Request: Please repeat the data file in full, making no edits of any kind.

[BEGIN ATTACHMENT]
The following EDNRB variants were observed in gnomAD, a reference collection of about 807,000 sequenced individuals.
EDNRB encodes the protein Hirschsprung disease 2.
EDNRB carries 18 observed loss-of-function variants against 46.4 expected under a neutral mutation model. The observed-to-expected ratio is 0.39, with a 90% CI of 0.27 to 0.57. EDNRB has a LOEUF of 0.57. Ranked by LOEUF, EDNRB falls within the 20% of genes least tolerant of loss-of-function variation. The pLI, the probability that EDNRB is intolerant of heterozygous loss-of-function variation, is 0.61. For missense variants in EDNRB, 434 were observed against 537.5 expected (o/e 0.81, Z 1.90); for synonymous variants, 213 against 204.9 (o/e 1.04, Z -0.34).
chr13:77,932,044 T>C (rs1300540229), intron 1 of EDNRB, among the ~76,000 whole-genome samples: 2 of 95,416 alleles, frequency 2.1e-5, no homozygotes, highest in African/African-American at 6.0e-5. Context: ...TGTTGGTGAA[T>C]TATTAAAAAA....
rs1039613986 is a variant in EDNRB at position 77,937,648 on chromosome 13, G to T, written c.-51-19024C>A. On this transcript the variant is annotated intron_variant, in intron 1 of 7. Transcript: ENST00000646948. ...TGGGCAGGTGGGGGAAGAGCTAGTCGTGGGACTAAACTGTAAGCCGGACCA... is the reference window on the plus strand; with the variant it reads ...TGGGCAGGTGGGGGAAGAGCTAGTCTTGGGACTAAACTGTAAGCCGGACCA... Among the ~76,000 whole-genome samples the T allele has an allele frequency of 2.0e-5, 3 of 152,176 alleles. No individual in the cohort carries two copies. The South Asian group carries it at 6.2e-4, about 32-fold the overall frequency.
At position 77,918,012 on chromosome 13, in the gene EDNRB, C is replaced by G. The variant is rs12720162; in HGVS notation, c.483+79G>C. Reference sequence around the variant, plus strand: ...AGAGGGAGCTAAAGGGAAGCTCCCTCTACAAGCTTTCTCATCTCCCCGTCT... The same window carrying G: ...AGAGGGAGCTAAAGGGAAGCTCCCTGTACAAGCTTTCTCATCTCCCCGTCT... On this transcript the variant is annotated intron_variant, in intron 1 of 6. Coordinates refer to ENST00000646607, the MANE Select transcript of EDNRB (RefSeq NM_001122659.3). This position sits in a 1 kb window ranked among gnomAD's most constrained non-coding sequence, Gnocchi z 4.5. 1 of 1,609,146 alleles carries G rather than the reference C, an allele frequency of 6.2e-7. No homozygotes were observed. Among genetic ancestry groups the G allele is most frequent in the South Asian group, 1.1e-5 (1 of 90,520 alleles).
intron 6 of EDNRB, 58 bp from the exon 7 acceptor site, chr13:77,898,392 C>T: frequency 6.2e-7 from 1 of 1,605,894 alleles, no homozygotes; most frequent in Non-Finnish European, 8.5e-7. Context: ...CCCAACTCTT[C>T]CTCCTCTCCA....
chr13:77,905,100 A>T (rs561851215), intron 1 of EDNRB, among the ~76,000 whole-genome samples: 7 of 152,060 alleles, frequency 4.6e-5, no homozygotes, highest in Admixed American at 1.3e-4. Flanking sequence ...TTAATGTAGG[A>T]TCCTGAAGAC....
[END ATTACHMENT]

The following EDNRB variants were observed in gnomAD, a reference collection of about 807,000 sequenced individuals.
EDNRB encodes the protein Hirschsprung disease 2.
EDNRB carries 18 observed loss-of-function variants against 46.4 expected under a neutral mutation model. The observed-to-expected ratio is 0.39, with a 90% CI of 0.27 to 0.57. EDNRB has a LOEUF of 0.57. Ranked by LOEUF, EDNRB falls within the 20% of genes least tolerant of loss-of-function variation. The pLI, the probability that EDNRB is intolerant of heterozygous loss-of-function variation, is 0.61. For missense variants in EDNRB, 434 were observed against 537.5 expected (o/e 0.81, Z 1.90); for synonymous variants, 213 against 204.9 (o/e 1.04, Z -0.34).
chr13:77,932,044 T>C (rs1300540229), intron 1 of EDNRB, among the ~76,000 whole-genome samples: 2 of 95,416 alleles, frequency 2.1e-5, no homozygotes, highest in African/African-American at 6.0e-5. Context: ...TGTTGGTGAA[T>C]TATTAAAAAA....
rs1039613986 is a variant in EDNRB at position 77,937,648 on chromosome 13, G to T, written c.-51-19024C>A. On this transcript the variant is annotated intron_variant, in intron 1 of 7. Transcript: ENST00000646948. ...TGGGCAGGTGGGGGAAGAGCTAGTCGTGGGACTAAACTGTAAGCCGGACCA... is the reference window on the plus strand; with the variant it reads ...TGGGCAGGTGGGGGAAGAGCTAGTCTTGGGACTAAACTGTAAGCCGGACCA... Among the ~76,000 whole-genome samples the T allele has an allele frequency of 2.0e-5, 3 of 152,176 alleles. No individual in the cohort carries two copies. The South Asian group carries it at 6.2e-4, about 32-fold the overall frequency.
At position 77,918,012 on chromosome 13, in the gene EDNRB, C is replaced by G. The variant is rs12720162; in HGVS notation, c.483+79G>C. Reference sequence around the variant, plus strand: ...AGAGGGAGCTAAAGGGAAGCTCCCTCTACAAGCTTTCTCATCTCCCCGTCT... The same window carrying G: ...AGAGGGAGCTAAAGGGAAGCTCCCTGTACAAGCTTTCTCATCTCCCCGTCT... On this transcript the variant is annotated intron_variant, in intron 1 of 6. Coordinates refer to ENST00000646607, the MANE Select transcript of EDNRB (RefSeq NM_001122659.3). This position sits in a 1 kb window ranked among gnomAD's most constrained non-coding sequence, Gnocchi z 4.5. 1 of 1,609,146 alleles carries G rather than the reference C, an allele frequency of 6.2e-7. No homozygotes were observed. Among genetic ancestry groups the G allele is most frequent in the South Asian group, 1.1e-5 (1 of 90,520 alleles).
intron 6 of EDNRB, 58 bp from the exon 7 acceptor site, chr13:77,898,392 C>T: frequency 6.2e-7 from 1 of 1,605,894 alleles, no homozygotes; most frequent in Non-Finnish European, 8.5e-7. Context: ...CCCAACTCTT[C>T]CTCCTCTCCA....
chr13:77,905,100 A>T (rs561851215), intron 1 of EDNRB, among the ~76,000 whole-genome samples: 7 of 152,060 alleles, frequency 4.6e-5, no homozygotes, highest in Admixed American at 1.3e-4. Flanking sequence ...TTAATGTAGG[A>T]TCCTGAAGAC....